Other Comments
  • 22 Hide
    zachusaman , December 19, 2011 5:11 PM
    international patent trolls assemble!!
  • 12 Hide
    jhansonxi , December 19, 2011 5:23 PM
    That's what happens when you're better than anyone else, especially when your foes invest more in the patent office than in innovation.
  • 13 Hide
    JeanLuc , December 19, 2011 5:27 PM
    It's all very well sueing other companies but BT ought to watch its step because people haven't forgotten that they tried to enforce a patent which they thought gave them the rights on hyperlinks. They lost but had they won they might have found that companies no longer wish to trade with them and Apple is in the same boat as all your doing is making yourself unpopular.
  • 15 Hide
    Jerky_san , December 19, 2011 5:29 PM
    "providing services by means of a combination of communications networks in spite of differing capabilities on the bandwidth that is available in certain mobile networks." How did they ever get a patent for this? Did the bribe the patent office?
  • 13 Hide
    digitalzom-b , December 19, 2011 5:42 PM
    So, when is the company that patented "sends network data via IP packets" going to come out and sue everyone. What's left? Seriously...
  • 12 Hide
    house70 , December 19, 2011 5:45 PM
    I think BT is trying to pry the first prize for "biggest patent troll of the year" from Apple.
  • 2 Hide
    ImThat1Guy , December 19, 2011 6:57 PM
    Seriously BT?

    I mean, really?
  • -2 Hide
    shinkueagle , December 19, 2011 7:03 PM
    "IT STARTS"... In OTHER NEWS..... There are over 300 dead in the Philippines......
  • 6 Hide
    richboyliang , December 19, 2011 7:41 PM
    good luck defeating google's team of 500 lawyers
  • 0 Hide
    alidan , December 19, 2011 8:28 PM
    fileing and trying to enforce bs patents should have a clause that if its found to be to generic, and obsolete, that you are striped of EVERY patent, and they go to open market.
  • 1 Hide
    g-thor , December 19, 2011 8:40 PM
    In a perfect world, the judge would be knowledgeable enough, or have consultants who would inspire him to ask, "How has BT put this patent into practice? What specific code has been used to make this work?" Then, he would have experts compare the code and if they aren't substantially (51%+) the same, throws the lawsuit out.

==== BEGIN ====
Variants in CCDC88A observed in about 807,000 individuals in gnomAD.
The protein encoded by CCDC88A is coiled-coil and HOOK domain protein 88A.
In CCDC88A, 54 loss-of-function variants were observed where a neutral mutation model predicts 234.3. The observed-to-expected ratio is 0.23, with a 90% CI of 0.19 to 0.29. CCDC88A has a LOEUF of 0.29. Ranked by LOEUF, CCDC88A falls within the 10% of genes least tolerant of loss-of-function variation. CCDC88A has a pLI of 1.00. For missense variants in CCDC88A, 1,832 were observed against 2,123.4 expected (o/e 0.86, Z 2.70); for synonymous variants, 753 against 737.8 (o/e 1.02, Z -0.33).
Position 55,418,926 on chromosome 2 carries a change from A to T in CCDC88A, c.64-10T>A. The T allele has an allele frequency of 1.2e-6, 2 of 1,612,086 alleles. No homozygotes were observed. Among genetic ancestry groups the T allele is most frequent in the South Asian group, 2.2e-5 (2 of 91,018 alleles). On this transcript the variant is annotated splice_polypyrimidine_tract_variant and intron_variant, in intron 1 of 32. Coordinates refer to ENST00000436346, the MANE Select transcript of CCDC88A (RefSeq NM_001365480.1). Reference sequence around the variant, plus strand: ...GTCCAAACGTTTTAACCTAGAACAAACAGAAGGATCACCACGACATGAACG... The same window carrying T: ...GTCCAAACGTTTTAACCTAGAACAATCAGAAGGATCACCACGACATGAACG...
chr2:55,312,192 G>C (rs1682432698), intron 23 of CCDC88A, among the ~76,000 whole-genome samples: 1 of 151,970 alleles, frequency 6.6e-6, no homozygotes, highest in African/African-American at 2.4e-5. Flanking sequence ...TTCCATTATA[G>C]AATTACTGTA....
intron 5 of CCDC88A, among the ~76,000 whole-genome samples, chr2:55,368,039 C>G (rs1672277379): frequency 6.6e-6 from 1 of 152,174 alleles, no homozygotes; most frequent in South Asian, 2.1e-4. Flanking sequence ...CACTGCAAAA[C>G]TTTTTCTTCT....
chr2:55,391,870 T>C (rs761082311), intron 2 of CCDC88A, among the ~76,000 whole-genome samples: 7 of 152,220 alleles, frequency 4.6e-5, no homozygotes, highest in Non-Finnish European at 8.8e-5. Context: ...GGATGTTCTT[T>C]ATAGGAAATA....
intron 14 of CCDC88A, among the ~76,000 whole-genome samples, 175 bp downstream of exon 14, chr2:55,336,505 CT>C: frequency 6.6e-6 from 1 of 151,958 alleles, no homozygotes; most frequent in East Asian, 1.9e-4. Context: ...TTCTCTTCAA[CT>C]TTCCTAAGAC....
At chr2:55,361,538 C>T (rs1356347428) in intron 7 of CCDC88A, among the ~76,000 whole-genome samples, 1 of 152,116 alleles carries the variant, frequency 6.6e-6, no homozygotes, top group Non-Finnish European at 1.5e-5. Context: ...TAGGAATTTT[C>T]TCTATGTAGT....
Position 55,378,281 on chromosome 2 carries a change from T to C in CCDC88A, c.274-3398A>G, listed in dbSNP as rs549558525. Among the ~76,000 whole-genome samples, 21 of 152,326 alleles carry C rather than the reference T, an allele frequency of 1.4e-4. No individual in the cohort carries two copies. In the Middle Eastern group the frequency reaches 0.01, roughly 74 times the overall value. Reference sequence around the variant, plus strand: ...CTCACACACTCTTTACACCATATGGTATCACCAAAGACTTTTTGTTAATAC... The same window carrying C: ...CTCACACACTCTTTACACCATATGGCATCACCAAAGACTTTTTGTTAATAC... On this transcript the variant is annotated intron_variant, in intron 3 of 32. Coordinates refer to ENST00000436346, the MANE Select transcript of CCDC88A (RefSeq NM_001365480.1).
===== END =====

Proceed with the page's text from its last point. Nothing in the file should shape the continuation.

I mean, the 4th patent listed looks like a relational database - associate a customer name with their account and with their purchases and any other relavent info. Can you say "overly-broad"?
  • 0 Hide
    Uberragen21 , December 19, 2011 9:27 PM
    This is yet another example of how the patent system throughout the world is broken. In the past you had to have a rough sketch of how the innovation worked prior to filing. Without a working or visible theoretical example, the patent would never go through. Now you can patent an idea without so much as developing a single thing. This is absurd and ridiculous and needs to change. Pretty soon people will be in violation of patents for breathing and we'll all have to pay royalties to some schmuck of a company.
  • 2 Hide
    DaveUK , December 19, 2011 11:11 PM
    I think they're trying to save enough money for a call centre that's actually based in the UK.
  • 2 Hide
    vigilante212 , December 19, 2011 11:37 PM
    could these patents be any more vague.
  • 4 Hide
    Anonymous , December 19, 2011 11:52 PM
    In the first place, who is this BT company anyway? British Troll Company, HEHEHE !!!!
  • 2 Hide
    popatim , December 19, 2011 11:52 PM
    I'm gonna sit around and think up patents too...
  • 0 Hide
    eddieroolz , December 20, 2011 12:59 AM
    Instead of being told that there's litigation I'd like to know whether it is even justified.
  • 0 Hide
    fatalshot808 , December 20, 2011 1:17 AM
    I don't understand why they wait so long to sue, android has been out since 2005 and so has google's AdWords. The Patent System is very Flawed...
  • 0 Hide
    surfer1337dude , December 20, 2011 2:24 AM
    Vigilante212could these patents be any more vague.

    Thats what I was thinking...
    richboylianggood luck defeating google's team of 500 lawyers

    I would think google has more then 500? lol :) 
    Fatalshot808I don't understand why they wait so long to sue, android has been out since 2005 and so has google's AdWords. The Patent System is very Flawed...

    As long as you have the patent you can sue at anytime....and they waited until it did enough "damage" that they can sue for a large amount. Maybe some kind of common knowledge clause should be added :-\
  • -1 Hide
    jsmakkar , December 20, 2011 3:12 AM
    Another war between Giants!!!